What Rights Do The Three Degrees of Freemasonry Give?

The three degrees of Freemasonry are:

  1. Entered Apprentice (or Initiated Apprentice, depending on your jurisdiction)
  2. Fellowcraft
  3. Master Mason

We have been asked what rights are associated with each degree of Freemasonry.


Please note that Masonic rights vary from Grand Lodge jurisdiction to Grand Lodge jurisdiction; those listed here may not apply to you, and you should consult your Lodge secretary on the matter.

Please also note that most of these rights apply only to Masons who are in good standing with their Lodge and Grand Lodge.

what are the rights of the freemasons

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Entered Apprentice

An Entered Apprentice’s Masonic rights are few when compared to the degrees that follow.

He has the right to attend any of his Lodge’s meetings, though only when opened on the Entered Apprentice degree.

Some jurisdictions also allow the Entered Apprentice to travel to the meetings of other Lodges when they are opened on the Entered Apprentice degree (though they might require a Master Mason to travel with and vouch for him).

He has the right to study the ritual and emblems of this degree.

He also has the right to sufficient instruction and examination relative to his becoming proficient in the work of this degree.

In the jurisdictions where applicable, the Entered Apprentice also has the right to request advancement to the Fellowcraft degree.

If an Entered Apprentice has passed away, some Grand Lodge jurisdictions may permit a Masonic funeral to be had for him.

If he is charged with violating the regulations of his Grand Lodge jurisdiction, he is entitled to a Masonic trial. He is also taught how to identify himself to his fellow Masons as an Entered Apprentice.

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A Fellowcraft continues to have the same rights that he had as an Entered Apprentice.

In addition to these, he also has the same rights listed above as applicable to the Fellowcraft degree.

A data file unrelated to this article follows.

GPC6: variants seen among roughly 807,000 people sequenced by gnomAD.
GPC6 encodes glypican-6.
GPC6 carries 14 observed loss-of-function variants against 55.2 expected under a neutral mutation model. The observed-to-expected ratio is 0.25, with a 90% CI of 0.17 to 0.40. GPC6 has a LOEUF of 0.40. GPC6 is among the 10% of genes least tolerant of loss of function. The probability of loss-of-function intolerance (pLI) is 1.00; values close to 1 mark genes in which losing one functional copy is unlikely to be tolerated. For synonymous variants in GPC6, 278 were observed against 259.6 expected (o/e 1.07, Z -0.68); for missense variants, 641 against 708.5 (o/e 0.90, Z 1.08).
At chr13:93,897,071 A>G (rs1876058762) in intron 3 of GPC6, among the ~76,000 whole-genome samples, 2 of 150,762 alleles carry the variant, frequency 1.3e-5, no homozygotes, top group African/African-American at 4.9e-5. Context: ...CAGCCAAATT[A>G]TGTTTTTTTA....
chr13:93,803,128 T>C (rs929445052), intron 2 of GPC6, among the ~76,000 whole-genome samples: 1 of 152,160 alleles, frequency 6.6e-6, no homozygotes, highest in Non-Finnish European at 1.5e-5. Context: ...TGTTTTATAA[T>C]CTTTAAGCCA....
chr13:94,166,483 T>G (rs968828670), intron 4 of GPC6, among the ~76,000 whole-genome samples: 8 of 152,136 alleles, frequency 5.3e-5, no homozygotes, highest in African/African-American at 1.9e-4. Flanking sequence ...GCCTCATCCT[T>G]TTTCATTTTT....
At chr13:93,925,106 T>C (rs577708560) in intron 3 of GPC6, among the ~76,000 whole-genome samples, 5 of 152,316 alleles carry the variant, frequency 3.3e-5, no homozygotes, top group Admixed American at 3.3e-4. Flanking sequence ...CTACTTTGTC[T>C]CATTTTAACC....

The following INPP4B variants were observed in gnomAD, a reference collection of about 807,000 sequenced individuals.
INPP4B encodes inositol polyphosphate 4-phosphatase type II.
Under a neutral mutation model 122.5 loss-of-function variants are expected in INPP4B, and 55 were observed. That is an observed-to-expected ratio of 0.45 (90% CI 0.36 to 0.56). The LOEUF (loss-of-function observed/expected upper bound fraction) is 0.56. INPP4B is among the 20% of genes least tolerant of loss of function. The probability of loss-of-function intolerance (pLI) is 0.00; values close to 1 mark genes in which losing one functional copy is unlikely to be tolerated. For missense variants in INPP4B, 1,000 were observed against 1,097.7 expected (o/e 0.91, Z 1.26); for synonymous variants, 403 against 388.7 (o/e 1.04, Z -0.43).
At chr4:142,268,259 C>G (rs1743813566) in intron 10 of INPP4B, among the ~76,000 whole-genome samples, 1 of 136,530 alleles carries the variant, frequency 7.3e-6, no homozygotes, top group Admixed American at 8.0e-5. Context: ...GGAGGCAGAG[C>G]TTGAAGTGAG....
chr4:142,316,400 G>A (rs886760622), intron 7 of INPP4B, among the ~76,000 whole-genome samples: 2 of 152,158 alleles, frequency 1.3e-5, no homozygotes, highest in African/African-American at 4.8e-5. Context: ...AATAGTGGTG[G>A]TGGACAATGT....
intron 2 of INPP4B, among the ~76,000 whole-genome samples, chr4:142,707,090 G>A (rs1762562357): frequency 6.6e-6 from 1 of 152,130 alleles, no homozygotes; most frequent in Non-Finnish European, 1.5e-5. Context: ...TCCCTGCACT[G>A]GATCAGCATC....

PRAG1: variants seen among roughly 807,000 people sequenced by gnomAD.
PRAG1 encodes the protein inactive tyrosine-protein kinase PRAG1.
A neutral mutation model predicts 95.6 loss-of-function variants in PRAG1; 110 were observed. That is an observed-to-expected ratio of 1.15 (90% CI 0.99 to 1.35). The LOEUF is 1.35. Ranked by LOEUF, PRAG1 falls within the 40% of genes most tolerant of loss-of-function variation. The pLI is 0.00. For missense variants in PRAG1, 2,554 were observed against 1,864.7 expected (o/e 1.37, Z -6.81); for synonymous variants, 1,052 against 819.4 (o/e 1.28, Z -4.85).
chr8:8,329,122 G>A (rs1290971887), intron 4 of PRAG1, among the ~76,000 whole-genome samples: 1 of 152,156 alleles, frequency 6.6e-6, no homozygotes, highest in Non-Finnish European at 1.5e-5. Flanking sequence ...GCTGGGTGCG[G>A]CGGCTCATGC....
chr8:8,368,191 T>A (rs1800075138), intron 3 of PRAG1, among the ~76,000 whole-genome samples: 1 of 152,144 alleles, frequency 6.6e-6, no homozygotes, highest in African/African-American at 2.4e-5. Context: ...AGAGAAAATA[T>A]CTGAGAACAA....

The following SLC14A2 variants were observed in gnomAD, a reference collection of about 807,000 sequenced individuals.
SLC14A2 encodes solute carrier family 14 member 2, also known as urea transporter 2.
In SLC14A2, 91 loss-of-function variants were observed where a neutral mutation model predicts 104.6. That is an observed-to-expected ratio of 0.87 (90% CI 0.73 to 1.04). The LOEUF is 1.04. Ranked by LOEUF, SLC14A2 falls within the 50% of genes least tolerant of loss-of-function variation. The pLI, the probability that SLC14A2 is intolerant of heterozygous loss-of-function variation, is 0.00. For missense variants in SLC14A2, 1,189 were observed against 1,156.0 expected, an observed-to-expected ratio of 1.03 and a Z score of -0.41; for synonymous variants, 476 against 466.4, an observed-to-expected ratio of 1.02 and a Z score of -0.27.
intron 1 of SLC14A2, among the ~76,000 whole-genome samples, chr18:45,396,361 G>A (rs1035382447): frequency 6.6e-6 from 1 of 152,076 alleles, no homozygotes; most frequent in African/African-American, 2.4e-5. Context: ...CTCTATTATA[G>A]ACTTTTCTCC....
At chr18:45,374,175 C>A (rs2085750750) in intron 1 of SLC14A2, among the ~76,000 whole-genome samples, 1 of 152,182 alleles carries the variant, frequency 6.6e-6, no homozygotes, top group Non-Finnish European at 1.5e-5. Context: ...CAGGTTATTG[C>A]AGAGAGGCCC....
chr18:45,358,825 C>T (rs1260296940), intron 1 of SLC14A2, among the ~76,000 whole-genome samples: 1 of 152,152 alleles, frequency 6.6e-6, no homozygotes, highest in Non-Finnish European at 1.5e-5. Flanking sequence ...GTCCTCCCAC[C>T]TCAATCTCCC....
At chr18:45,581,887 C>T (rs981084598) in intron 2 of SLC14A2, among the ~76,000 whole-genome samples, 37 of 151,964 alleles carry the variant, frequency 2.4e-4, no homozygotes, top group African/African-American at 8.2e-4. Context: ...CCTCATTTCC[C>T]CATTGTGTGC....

Master Mason

A Master Mason continues to have the same rights that he had as an Entered Apprentice and as a Fellowcraft; he also has the same rights listed above as applicable to the Master Mason degree.

A Master Mason has the right to cast an anonymous ballot to elect or to reject the petitions of those who want to join the Lodge, whether those petitions are for candidacy for the degrees or for Masons who are affiliating from other Lodges.

A Master Mason also has the right to cast an anonymous ballot to elect the leadership of the Lodge whenever such elections occur.

A Master Mason may be allowed to serve as an officer of his Lodge if elected/appointed.

Many Grand Lodge jurisdictions consider it a Masonic right for one to be able to visit Lodges of other Grand Lodge jurisdictions as a Master Mason.

However, there exist some Grand Lodge jurisdictions (like the one to which I pertain) that consider this a privilege instead of a right.

Master Masons have the right to request relief, whether to an individual or to his Lodge; however, relief is voluntary and entirely dependent on whether the individual or Lodge are financially capable of rendering such relief.

Master Masons have the right to a Masonic funeral when it is requested by him or by his family members.

Typically, a Master Mason does not receive full rights until after he has proven himself proficient in the standard work of his jurisdiction.

masonic floor

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Rights in Masonry are extremely limited in the first two degrees; most rights come in the third degree after proficiency has been proven.